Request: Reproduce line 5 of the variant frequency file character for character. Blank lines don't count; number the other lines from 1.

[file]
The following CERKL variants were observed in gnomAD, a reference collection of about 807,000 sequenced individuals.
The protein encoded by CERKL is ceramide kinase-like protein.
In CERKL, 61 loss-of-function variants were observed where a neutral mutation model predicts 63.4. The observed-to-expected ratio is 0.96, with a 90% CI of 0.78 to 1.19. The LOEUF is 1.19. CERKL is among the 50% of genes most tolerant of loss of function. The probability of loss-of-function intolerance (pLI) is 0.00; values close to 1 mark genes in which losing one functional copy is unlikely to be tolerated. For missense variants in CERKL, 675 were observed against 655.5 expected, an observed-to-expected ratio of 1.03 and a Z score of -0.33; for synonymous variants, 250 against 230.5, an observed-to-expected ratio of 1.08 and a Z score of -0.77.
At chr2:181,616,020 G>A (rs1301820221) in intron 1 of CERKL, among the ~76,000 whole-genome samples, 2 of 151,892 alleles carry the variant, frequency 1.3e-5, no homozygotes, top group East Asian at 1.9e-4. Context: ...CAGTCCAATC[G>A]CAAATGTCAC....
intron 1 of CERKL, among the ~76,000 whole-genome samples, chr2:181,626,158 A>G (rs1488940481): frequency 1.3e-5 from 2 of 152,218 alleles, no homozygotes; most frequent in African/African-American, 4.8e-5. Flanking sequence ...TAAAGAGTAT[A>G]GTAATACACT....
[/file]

intron 1 of CERKL, among the ~76,000 whole-genome samples, chr2:181,626,158 A>G (rs1488940481): frequency 1.3e-5 from 2 of 152,218 alleles, no homozygotes; most frequent in African/African-American, 4.8e-5. Flanking sequence ...TAAAGAGTAT[A>G]GTAATACACT....